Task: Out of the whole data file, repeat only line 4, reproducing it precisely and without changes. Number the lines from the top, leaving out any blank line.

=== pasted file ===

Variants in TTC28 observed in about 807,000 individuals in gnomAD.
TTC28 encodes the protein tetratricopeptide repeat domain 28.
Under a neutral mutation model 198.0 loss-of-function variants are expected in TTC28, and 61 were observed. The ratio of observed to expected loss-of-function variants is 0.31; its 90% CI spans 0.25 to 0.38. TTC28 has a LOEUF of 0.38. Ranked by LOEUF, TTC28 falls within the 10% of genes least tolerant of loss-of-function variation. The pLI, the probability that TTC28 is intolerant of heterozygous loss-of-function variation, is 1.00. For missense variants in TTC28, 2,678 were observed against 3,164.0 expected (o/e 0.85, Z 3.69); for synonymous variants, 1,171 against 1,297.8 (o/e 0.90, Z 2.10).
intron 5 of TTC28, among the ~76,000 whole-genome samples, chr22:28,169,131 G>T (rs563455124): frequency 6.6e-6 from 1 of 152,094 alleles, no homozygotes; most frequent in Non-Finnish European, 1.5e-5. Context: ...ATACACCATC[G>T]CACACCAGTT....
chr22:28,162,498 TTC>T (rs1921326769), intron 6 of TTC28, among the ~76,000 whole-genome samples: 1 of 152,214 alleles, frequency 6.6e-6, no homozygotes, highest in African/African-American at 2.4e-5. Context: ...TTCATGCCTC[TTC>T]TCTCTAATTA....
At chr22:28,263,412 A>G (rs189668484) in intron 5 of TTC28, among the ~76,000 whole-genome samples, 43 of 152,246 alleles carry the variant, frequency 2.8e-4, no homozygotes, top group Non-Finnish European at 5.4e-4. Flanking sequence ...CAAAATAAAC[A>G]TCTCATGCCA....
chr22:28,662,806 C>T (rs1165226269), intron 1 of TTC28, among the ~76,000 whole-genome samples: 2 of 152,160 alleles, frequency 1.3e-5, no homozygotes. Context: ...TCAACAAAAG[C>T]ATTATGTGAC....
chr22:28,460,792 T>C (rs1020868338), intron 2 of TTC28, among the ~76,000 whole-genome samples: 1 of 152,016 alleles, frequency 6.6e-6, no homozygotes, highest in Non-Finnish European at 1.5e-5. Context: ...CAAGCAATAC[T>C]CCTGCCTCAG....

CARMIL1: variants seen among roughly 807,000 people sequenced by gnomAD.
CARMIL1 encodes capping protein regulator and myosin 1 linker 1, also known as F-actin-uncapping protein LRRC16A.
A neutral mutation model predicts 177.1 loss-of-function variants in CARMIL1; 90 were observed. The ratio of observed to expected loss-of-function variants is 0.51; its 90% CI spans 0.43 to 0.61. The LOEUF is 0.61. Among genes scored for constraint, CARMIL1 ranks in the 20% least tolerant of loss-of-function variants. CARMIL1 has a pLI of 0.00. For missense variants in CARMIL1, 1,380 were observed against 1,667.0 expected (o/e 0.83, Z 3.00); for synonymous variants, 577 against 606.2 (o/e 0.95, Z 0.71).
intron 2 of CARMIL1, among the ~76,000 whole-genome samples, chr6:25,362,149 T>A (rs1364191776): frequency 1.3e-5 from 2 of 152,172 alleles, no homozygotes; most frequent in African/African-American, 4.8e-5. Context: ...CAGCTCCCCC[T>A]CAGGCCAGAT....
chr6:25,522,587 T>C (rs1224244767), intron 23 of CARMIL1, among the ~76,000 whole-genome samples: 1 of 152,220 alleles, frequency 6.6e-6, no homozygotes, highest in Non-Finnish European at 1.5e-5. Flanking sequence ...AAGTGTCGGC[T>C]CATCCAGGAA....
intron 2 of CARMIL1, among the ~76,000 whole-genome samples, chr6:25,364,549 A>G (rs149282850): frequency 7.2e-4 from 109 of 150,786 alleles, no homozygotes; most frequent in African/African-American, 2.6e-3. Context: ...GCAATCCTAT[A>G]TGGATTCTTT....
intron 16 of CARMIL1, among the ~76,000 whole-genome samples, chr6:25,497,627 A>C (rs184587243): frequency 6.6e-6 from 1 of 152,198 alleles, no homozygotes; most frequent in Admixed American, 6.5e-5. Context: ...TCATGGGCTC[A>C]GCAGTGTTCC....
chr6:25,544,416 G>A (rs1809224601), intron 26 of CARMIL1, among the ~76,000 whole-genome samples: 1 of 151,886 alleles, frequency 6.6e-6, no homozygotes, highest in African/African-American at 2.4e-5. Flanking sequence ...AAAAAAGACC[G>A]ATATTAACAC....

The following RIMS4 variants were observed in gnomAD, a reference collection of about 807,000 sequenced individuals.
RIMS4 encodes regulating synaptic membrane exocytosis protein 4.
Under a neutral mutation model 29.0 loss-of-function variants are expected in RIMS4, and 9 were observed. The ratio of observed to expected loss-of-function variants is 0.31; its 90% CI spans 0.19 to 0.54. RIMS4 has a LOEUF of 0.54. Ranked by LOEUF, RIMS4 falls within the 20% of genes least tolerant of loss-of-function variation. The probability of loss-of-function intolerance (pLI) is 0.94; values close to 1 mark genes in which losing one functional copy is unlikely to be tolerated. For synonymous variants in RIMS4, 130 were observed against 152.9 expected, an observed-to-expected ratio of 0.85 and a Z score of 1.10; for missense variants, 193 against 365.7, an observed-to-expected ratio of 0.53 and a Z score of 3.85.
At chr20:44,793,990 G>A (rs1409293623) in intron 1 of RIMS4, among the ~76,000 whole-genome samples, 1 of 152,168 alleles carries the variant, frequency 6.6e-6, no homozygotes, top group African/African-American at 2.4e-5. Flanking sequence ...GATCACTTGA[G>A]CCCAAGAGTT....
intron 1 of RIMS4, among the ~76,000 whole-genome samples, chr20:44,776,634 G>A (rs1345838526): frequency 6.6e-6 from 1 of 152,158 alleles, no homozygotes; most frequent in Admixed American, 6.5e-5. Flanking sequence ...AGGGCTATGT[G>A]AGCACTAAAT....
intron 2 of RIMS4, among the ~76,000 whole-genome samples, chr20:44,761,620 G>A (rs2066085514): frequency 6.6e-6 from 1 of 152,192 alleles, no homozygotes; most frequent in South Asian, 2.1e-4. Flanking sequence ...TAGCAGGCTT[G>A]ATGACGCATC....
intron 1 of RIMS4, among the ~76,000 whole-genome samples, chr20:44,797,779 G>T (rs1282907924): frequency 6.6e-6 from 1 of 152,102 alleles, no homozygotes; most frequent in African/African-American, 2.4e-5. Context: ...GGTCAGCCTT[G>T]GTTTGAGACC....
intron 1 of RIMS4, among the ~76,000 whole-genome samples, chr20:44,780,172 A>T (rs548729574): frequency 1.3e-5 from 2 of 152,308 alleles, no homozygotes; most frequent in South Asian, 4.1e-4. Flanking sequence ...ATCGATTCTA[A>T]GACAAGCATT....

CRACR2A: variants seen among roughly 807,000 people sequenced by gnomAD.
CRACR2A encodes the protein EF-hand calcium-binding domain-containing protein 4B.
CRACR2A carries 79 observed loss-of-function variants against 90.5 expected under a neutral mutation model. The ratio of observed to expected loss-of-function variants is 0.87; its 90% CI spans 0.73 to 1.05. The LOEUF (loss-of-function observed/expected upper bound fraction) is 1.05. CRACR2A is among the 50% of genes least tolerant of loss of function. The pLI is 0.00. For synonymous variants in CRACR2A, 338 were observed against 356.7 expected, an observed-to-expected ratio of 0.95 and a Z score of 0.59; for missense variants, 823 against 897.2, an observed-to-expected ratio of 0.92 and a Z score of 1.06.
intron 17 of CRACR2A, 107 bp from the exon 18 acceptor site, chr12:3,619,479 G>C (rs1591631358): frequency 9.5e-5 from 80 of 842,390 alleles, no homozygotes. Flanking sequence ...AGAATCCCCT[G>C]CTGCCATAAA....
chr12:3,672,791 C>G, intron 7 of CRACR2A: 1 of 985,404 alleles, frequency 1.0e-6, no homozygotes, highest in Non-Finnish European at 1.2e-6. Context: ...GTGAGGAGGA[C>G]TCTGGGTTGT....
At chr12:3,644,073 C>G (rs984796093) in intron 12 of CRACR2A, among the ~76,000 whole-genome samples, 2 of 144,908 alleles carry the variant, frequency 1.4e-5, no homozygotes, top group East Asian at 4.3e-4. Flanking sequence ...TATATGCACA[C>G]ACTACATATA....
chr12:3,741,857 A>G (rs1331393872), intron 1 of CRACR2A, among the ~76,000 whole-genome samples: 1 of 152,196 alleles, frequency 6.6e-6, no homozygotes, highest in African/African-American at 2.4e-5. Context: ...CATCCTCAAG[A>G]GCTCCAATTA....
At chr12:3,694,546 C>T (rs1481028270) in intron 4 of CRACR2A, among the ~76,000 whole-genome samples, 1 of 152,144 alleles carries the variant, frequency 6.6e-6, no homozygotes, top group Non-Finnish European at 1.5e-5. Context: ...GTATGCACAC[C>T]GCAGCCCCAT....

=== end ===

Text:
intron 5 of TTC28, among the ~76,000 whole-genome samples, chr22:28,169,131 G>T (rs563455124): frequency 6.6e-6 from 1 of 152,094 alleles, no homozygotes; most frequent in Non-Finnish European, 1.5e-5. Context: ...ATACACCATC[G>T]CACACCAGTT....